Mum’s vital method for dahlias to prevent them snapping – ‘the biggest lesson I learned’

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Staking dahlias, or “tying them in”, means tying the plants to canes to give them support as they grow in the garden. Dahlias flower in the middle of summer, producing their famously large and lush flowers. However, the weight of these flowers can cause problems for them.

Without staking or tying in the dahlias, the plants could break.

A gardening influencer who inspired followers yearly with her incredible dahlias.

She found staking her dahlias to be essential, especially in her garden borders.

She said: “So last year was my first year growing a whole dahlia border. The biggest lesson I learned was that I needed to improve my plant supports/staking.”

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She explained how she did it, explaining she “ordered 40 steel coated plant stakes from Amazon.”

The expert went on: “They were 150cm tall and cost me £36.99. I can’t see that they have any stock of this size left but I think 120cm would be good too.”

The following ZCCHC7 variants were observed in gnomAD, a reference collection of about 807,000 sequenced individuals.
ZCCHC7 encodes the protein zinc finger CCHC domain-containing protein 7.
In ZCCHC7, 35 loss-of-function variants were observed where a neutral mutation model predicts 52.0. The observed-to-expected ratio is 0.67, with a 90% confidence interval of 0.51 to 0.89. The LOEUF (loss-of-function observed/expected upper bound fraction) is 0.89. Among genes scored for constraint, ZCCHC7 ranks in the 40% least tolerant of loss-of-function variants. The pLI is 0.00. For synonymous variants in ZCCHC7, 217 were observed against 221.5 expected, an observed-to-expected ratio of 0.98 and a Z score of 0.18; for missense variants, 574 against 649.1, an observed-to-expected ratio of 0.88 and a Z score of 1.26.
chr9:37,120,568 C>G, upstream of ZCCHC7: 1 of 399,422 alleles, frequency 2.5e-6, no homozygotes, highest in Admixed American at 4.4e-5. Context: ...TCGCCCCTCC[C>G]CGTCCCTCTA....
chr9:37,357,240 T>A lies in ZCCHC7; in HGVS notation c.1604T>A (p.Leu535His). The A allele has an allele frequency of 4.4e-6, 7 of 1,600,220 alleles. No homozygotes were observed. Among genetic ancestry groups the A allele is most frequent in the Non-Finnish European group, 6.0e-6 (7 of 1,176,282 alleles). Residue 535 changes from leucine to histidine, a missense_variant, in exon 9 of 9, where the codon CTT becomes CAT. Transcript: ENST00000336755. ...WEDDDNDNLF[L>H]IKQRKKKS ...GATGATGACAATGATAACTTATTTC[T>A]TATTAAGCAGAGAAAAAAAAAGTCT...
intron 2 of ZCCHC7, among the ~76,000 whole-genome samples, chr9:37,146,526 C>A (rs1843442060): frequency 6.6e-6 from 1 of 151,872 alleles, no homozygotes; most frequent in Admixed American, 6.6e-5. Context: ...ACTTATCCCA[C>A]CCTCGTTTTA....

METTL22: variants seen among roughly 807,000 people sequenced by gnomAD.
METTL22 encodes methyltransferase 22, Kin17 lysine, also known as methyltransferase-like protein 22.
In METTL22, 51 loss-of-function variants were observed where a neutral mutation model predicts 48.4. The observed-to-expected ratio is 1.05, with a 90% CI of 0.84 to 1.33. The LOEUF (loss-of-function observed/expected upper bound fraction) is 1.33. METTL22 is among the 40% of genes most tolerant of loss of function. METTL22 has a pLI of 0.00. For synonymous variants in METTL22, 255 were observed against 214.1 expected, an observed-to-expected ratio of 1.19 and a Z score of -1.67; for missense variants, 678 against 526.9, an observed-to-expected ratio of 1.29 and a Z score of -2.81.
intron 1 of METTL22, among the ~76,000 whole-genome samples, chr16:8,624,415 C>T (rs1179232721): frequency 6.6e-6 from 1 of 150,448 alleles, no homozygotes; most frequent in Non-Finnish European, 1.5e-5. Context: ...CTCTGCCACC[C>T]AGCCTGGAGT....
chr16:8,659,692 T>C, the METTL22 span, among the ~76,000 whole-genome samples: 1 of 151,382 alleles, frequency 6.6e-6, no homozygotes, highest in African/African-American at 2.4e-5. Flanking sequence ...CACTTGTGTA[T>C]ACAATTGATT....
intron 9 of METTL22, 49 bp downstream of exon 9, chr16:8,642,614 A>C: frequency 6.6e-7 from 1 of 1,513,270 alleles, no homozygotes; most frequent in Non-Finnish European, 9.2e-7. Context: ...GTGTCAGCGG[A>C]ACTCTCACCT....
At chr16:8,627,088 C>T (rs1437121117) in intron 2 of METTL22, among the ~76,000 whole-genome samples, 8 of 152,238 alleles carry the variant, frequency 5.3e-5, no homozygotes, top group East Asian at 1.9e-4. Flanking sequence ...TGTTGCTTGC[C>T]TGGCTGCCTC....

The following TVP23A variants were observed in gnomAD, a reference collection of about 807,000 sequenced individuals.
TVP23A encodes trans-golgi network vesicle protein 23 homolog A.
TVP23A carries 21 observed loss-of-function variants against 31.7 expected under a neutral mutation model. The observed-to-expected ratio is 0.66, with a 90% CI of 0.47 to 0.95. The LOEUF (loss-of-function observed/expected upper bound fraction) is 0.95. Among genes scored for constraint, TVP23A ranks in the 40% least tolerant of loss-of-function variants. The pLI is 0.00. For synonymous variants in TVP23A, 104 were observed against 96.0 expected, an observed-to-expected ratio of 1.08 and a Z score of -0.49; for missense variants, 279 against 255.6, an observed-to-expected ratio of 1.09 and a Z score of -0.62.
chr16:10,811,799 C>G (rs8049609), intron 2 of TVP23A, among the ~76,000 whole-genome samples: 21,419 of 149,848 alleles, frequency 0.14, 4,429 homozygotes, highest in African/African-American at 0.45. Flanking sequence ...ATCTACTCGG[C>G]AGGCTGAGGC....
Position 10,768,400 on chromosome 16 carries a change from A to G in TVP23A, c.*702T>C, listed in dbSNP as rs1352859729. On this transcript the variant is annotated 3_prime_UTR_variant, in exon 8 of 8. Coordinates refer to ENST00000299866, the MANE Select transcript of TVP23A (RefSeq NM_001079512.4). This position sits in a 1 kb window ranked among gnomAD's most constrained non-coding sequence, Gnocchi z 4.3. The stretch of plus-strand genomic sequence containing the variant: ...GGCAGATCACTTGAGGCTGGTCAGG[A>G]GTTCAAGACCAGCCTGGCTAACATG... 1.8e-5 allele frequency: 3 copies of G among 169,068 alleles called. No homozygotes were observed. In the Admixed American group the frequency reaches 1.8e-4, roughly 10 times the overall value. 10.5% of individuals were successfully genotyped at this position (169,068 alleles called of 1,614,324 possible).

She added bamboo canes she already had to add extra support and then utilised a ball of string.

With the materials, it’s time to start staking your borders.

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How to stake dahlias in a border

  1. Push three or four stakes into the ground around the plant you would like to support.
  2. Use your twine and wind it around the stakes, holding them in place.
  3. Cross and weave the twine around.
  4. Then, as the dahlias grow, tie their stems to the web of twine to hold them in place and support them.

Why do you need to stake dahlias?

Dahlias are beautiful but fragile plants. The joints in their stems are very brittle, meaning they can easily snap in the wind, or just under the weight of the large flowers they grow.

The taller the dahlia and the heavier the flower the more support they will need.

Any dahlia above 70cm tall will need support without a doubt.

Gardeners’ World: Monty Don gives advice on growing dahlias

Most popular dahlia varieties

  • Café Au Lait Dahlia – huge dinner plate-size plants with a light creamy pink colour and beige hues
  • Labyrinth Dahlia – a large plate with various pink gues – including coral and magenta
  • Arabian Night Dahlia – a deep red flower with double petals
  • Rothesay Reveller Dahlia – large flowers with deep pink petals tipped with stunning white
  • Black Narcissus Dahlia – a deep red flower with curled petals mimicking spikes

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